If you’re looking for a downtown Savannah square that seamlessly blends history with a lively cultural and social scene, Chippewa Square is an ideal choice to call home.


If you’re looking for a downtown Savannah square that seamlessly blends history with a lively cultural and social scene, Chippewa Square is an ideal choice to call home.

Dominated by the heroic statue of Savannah’s founder General James Oglethorpe, the square is named in honor of the American victory at the Battle of Chippewa in the War of 1812. Although the square was laid out near war’s end in 1815, the striking bronze sculpture of Oglethorpe at its center didn’t arrive until nearly a century later in 1910.

Featuring Oglethorpe facing south toward the British colony’s Spanish enemy, the statue was created by Daniel Chester French and Henry Bacon, the same sculptor/architect duo who designed the Lincoln Memorial in Washington D.C. The four stately lions guarding the statue’s base bear four separate seals: Oglethorpe’s family crest as well as the seals of the city of Savannah, the state of Georgia and the colony of Georgia.

For most Americans, however, Chippewa Square is probably most recognizable as the place where Forrest Gump, played by Tom Hanks, sat on a bench musing about life being like a box of chocolates (with traffic going the wrong way around the square). While many visitors stop by Chippewa Square looking for that famous bench, it was actually a movie prop that’s now on permanent display at the Savannah History Museum.


While little remains of famed British architect William Jay’s original 1818 building, the Savannah Theatre on the square’s northeast corner has earned the distinction of being the nation’s oldest theatre in continuous operation and still hosts a busy schedule of live musicals, performances and revues.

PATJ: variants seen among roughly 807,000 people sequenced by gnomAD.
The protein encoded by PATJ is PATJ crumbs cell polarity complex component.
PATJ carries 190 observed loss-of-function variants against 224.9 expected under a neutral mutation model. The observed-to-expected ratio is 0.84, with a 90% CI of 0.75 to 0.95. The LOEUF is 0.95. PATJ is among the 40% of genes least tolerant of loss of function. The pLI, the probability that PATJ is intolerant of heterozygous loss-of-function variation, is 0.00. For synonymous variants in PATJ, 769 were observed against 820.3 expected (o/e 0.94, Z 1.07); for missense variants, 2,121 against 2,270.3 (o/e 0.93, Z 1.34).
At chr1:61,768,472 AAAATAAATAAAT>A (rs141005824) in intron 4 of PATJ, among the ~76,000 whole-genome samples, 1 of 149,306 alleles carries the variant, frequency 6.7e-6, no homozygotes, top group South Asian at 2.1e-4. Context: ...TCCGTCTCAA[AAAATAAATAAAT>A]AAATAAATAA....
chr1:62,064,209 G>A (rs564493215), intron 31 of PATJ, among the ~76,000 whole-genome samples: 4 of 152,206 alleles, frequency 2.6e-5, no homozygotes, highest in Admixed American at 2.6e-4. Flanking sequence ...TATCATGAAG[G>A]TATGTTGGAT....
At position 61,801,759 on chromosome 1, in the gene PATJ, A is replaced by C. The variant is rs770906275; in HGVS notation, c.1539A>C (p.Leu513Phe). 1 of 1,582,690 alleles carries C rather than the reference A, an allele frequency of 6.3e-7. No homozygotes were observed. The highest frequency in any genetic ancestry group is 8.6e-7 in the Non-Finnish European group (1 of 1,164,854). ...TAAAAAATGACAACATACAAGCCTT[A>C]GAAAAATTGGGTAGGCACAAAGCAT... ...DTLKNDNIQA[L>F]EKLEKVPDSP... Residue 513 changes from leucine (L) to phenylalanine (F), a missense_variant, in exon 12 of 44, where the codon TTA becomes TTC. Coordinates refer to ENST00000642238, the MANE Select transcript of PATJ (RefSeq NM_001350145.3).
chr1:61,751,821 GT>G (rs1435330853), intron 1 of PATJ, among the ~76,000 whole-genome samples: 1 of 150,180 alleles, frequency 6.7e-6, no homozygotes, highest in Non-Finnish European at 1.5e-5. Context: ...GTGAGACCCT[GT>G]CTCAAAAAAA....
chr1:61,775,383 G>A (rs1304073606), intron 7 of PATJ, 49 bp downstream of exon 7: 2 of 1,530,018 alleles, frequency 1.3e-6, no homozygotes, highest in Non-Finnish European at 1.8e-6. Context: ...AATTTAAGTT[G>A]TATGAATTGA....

Two presidents have contributed to the history of Chippewa Square. James Monroe visited Savannah in 1819 to dedicate the square, and Woodrow Wilson was married in 1885 in the Independent Presbyterian Church manse on the square’s north side.

Independent Presbyterian — whose 223-foot spire overlooking downtown Savannah is one of the tallest structures in Chatham County — hosted the first Sunday School for African American residents in 1826. The church’s choir director, Lowell Mason, authored over 1,500 hymns and stands apart as a key figure in American music education. The oldest church on the square, however, is First Baptist Church on the northwest corner, which is the oldest standing church in Savannah.


However, Chippewa Square offers more than history. It also has a vibrant social and culinary scene that’s active from early morning into the wee hours.

Gallery Espresso, located on the south side of the square, is one of Savannah’s most beloved coffeehouses and community meeting spots. Six Pence Pub has earned the distinction of being one of Savannah’s oldest bars and restaurants and has been featured in movies like “Something to Talk About,” starring Julia Roberts. McDonough’s Restaurant and Lounge is an iconic center of Savannah nightlife, plus the burgeoning Perry Lane hotel and entertainment complex across Drayton Street has brought new energy to the entire area, including a hotel rooftop bar overlooking the square. The Foley House Inn, one of Savannah’s favorite bed and breakfasts, is located in a beautiful 1896 townhouse overlooking Chippewa Square.

Chippewa Square residents love the central location in the heart of Savannah’s National Historic Landmark District as well as the easy access to local dining, shopping and nightlife. It’s an ideal place to call home, with a wide range of historic real estate, from grand antebellum homes to restored condominiums.

By any measure, Chippewa Square is a great place to live. If you’re interested in buying or selling property on any of Savannah’s historic squares, work closely with a real estate professional who has experience with residential real estate in the downtown area.

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